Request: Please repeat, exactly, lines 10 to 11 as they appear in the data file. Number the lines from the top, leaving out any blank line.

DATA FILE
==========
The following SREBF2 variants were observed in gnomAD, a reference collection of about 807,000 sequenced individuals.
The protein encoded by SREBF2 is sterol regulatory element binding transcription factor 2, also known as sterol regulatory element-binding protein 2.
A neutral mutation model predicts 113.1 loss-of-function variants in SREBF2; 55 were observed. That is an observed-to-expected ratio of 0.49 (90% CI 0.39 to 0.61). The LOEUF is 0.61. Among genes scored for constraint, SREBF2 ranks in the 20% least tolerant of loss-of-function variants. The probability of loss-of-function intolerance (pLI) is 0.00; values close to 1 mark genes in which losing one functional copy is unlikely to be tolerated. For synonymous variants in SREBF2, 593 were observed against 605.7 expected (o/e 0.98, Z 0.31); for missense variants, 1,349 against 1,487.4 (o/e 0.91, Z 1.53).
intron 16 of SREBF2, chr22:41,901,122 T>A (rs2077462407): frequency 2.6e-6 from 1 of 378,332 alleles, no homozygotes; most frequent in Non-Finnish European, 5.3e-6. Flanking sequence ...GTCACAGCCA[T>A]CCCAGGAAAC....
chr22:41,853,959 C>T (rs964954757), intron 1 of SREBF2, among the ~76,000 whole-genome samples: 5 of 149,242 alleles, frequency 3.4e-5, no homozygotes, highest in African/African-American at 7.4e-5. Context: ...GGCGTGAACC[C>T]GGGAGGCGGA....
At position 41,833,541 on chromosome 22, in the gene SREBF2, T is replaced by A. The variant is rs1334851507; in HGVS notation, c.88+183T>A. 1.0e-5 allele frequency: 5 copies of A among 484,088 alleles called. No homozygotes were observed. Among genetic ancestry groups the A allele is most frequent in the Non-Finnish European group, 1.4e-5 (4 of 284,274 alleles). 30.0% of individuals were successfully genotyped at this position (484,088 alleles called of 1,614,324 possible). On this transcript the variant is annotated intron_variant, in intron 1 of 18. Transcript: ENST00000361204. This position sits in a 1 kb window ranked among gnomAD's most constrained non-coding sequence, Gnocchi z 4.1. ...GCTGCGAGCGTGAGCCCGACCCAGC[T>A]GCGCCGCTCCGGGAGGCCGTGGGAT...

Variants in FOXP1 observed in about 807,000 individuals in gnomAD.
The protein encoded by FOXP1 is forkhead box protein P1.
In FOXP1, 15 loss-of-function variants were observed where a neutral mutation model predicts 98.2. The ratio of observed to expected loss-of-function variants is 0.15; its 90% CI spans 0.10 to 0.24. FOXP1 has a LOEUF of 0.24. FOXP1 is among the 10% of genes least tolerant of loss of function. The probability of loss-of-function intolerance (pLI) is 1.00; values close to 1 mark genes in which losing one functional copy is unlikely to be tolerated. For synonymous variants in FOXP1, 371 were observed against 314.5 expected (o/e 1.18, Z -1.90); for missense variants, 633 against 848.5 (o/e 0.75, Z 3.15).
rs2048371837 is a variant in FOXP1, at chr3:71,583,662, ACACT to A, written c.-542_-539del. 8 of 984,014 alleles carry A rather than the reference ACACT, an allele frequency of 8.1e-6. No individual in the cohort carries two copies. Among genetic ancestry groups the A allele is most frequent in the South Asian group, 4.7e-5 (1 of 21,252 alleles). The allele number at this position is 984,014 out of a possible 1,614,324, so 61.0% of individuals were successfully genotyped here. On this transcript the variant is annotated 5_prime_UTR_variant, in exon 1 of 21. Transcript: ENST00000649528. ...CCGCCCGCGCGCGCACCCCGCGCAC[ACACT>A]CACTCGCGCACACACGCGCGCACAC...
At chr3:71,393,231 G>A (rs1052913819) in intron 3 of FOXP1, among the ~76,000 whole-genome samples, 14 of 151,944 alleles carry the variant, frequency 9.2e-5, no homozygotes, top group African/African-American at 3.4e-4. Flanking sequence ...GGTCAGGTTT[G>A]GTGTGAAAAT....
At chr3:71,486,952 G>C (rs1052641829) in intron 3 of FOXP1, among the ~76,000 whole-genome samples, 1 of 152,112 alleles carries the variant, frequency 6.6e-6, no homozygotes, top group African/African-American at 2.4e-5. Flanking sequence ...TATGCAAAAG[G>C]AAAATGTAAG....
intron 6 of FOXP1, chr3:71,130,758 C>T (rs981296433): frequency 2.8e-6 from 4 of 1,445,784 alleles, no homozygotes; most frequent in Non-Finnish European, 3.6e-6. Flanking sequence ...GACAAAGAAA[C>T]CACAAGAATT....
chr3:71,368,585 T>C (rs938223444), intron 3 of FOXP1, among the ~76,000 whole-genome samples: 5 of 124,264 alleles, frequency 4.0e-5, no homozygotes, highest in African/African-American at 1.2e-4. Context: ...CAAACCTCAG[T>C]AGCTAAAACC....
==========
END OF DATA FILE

rs2048371837 is a variant in FOXP1, at chr3:71,583,662, ACACT to A, written c.-542_-539del. 8 of 984,014 alleles carry A rather than the reference ACACT, an allele frequency of 8.1e-6. No individual in the cohort carries two copies. Among genetic ancestry groups the A allele is most frequent in the South Asian group, 4.7e-5 (1 of 21,252 alleles). The allele number at this position is 984,014 out of a possible 1,614,324, so 61.0% of individuals were successfully genotyped here. On this transcript the variant is annotated 5_prime_UTR_variant, in exon 1 of 21. Transcript: ENST00000649528. ...CCGCCCGCGCGCGCACCCCGCGCAC[ACACT>A]CACTCGCGCACACACGCGCGCACAC...
At chr3:71,393,231 G>A (rs1052913819) in intron 3 of FOXP1, among the ~76,000 whole-genome samples, 14 of 151,944 alleles carry the variant, frequency 9.2e-5, no homozygotes, top group African/African-American at 3.4e-4. Flanking sequence ...GGTCAGGTTT[G>A]GTGTGAAAAT....